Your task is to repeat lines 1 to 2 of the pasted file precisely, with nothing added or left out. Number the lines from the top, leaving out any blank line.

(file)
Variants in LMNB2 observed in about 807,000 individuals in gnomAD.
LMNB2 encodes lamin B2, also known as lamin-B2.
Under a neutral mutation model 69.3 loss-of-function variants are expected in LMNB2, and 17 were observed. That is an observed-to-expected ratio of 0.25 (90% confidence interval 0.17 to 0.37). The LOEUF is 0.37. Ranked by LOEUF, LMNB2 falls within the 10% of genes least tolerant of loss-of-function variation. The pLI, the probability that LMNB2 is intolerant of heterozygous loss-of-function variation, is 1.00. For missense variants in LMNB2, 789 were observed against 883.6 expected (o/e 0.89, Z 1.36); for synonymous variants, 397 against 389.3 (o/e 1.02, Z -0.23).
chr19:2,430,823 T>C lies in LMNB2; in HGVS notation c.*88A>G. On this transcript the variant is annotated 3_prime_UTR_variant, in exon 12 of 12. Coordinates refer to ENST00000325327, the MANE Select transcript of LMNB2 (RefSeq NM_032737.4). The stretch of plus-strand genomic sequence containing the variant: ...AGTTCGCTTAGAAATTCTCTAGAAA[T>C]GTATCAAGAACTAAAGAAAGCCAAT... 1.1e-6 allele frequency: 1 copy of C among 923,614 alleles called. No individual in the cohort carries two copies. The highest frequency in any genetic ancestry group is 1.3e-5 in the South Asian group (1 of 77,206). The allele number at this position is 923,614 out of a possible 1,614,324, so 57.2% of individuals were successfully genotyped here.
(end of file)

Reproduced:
Variants in LMNB2 observed in about 807,000 individuals in gnomAD.
LMNB2 encodes lamin B2, also known as lamin-B2.